A recent look at Congress finds Occidental meddling with legislation at the cost of U.S. national security. The chemical industry, with Bush support, successfully lobbied to kill a post-9/11 bill by Sen. Jon Corzine, D-N.J., to heighten security against terror attacks at U.S. chemical plants. Legislators were well rewarded for their vote. Occidental paid out $238,000 in soft money to Republican candidates and $60,000 to Democrats in 2002, says the Center for Responsive Politics.

Finally, travel to Love Canal on Newark Bay, to a derelict factory in the Portuguese working-class section of Newark, on a Passaic River bend. Here in the '60s, Diamond Alkali Company (renamed Diamond Shamrock) made Agent Orange, the herbicide that disabled thousands of U.S. GIs, (some compensated by the Pentagon), plus many more Vietnamese peasants (never compensated).

In 1992, investigators revealed that Diamond's Newark plant knowingly contaminated its personnel with dioxin, the deadliest of synthetic chemicals. Workers were disfigured. Others sickened and died. Though more responsible chemical corporations eliminated dioxin from their manufacturing waste, Diamond did not, since that would have slowed production.

Instead the company in a sense "launched" Agent Orange as a weapon against the citizens of Newark. A deadly dioxin cocktail formed a perpetual slippery film on the factory floor. "Every other week or so" workers were ordered to hose the floors with sulfuric acid. The poison flowed into trenches, into the Passaic River, and eventually to Newark Bay and beyond.

So much toxic waste went through the plant's industrial sewer that it formed a reef in the river. Employees were directed to surreptitiously wade in, and with shovels "chop up" the toxic deposits so the reef wouldn't attract attention.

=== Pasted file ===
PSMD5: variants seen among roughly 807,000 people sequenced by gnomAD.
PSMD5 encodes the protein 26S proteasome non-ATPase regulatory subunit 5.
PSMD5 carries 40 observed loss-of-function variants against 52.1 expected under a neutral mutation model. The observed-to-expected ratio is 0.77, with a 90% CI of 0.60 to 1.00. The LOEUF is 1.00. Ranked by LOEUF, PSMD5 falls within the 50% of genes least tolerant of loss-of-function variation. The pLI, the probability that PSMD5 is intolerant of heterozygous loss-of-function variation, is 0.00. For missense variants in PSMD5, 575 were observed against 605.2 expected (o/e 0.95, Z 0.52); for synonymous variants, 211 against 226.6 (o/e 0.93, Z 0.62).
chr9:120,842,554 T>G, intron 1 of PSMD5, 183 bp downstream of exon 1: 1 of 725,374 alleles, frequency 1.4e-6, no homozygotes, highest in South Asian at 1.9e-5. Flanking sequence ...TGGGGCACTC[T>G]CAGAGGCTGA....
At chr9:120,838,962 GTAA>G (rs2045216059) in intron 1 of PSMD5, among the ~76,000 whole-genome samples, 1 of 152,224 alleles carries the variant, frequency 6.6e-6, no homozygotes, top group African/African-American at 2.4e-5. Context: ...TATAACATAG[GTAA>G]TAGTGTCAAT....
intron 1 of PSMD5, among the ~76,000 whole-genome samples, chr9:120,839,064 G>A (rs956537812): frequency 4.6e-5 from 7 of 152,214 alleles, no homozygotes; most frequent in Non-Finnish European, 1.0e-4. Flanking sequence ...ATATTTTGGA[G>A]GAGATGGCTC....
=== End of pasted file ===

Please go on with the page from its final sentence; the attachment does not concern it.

In 1983, New Jersey discovered the contamination, shut the factory, and Republican Gov. Tom Kean declared a state of emergency. Regulators rushed to vacuum poisoned city streets, capped 10,000 cubic yards of deadly waste, fenced the plant and posted a 24-hour guard. Both the factory and Passaic River were declared federal Superfund sites, though the EPA did nothing to clean up the waterway.

Ducking Responsibility

In 1986, Occidental bought Diamond Shamrock, knowing that under Superfund Law, the purchase made it liable for the river cleanup. But though the company collected Diamond's profits, it stonewalled on the Passaic, using the same winning strategies it learned at Love Canal. And still the EPA did nothing.

Meanwhile the Newark plant's signature type of dioxin spread as far as the Statue of Liberty, contaminating fish to unprecedented levels. In 2002, New Jersey found that eating even small quantities of Newark Bay blue crabs assured a 100 percent cancer risk. But non-English speaking urban immigrants, not knowing the danger, still pluck the shellfish from the waters and feed their families on poisoned crab.